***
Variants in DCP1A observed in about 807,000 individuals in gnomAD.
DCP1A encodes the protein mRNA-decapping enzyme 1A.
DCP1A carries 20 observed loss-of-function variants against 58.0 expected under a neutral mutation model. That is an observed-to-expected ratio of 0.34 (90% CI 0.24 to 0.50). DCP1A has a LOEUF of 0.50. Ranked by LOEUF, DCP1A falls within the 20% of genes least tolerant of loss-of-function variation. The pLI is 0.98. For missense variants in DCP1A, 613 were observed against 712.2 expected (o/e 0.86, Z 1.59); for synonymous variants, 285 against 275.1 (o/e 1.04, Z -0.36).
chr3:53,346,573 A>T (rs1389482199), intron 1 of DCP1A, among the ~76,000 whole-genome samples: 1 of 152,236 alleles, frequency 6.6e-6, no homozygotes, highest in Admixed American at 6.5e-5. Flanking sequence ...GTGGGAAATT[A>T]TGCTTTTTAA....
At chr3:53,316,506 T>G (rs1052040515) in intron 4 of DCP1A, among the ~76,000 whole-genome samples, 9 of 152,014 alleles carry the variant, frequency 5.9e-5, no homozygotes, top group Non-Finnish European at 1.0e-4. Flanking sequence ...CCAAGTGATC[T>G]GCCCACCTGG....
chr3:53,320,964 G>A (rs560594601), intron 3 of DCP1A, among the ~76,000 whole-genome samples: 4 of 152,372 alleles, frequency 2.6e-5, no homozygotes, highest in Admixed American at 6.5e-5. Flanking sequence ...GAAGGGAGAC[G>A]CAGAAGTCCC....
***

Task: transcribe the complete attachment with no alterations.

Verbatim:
Variants in DCP1A observed in about 807,000 individuals in gnomAD.
DCP1A encodes the protein mRNA-decapping enzyme 1A.
DCP1A carries 20 observed loss-of-function variants against 58.0 expected under a neutral mutation model. That is an observed-to-expected ratio of 0.34 (90% CI 0.24 to 0.50). DCP1A has a LOEUF of 0.50. Ranked by LOEUF, DCP1A falls within the 20% of genes least tolerant of loss-of-function variation. The pLI is 0.98. For missense variants in DCP1A, 613 were observed against 712.2 expected (o/e 0.86, Z 1.59); for synonymous variants, 285 against 275.1 (o/e 1.04, Z -0.36).
chr3:53,346,573 A>T (rs1389482199), intron 1 of DCP1A, among the ~76,000 whole-genome samples: 1 of 152,236 alleles, frequency 6.6e-6, no homozygotes, highest in Admixed American at 6.5e-5. Flanking sequence ...GTGGGAAATT[A>T]TGCTTTTTAA....
At chr3:53,316,506 T>G (rs1052040515) in intron 4 of DCP1A, among the ~76,000 whole-genome samples, 9 of 152,014 alleles carry the variant, frequency 5.9e-5, no homozygotes, top group Non-Finnish European at 1.0e-4. Flanking sequence ...CCAAGTGATC[T>G]GCCCACCTGG....
chr3:53,320,964 G>A (rs560594601), intron 3 of DCP1A, among the ~76,000 whole-genome samples: 4 of 152,372 alleles, frequency 2.6e-5, no homozygotes, highest in Admixed American at 6.5e-5. Flanking sequence ...GAAGGGAGAC[G>A]CAGAAGTCCC....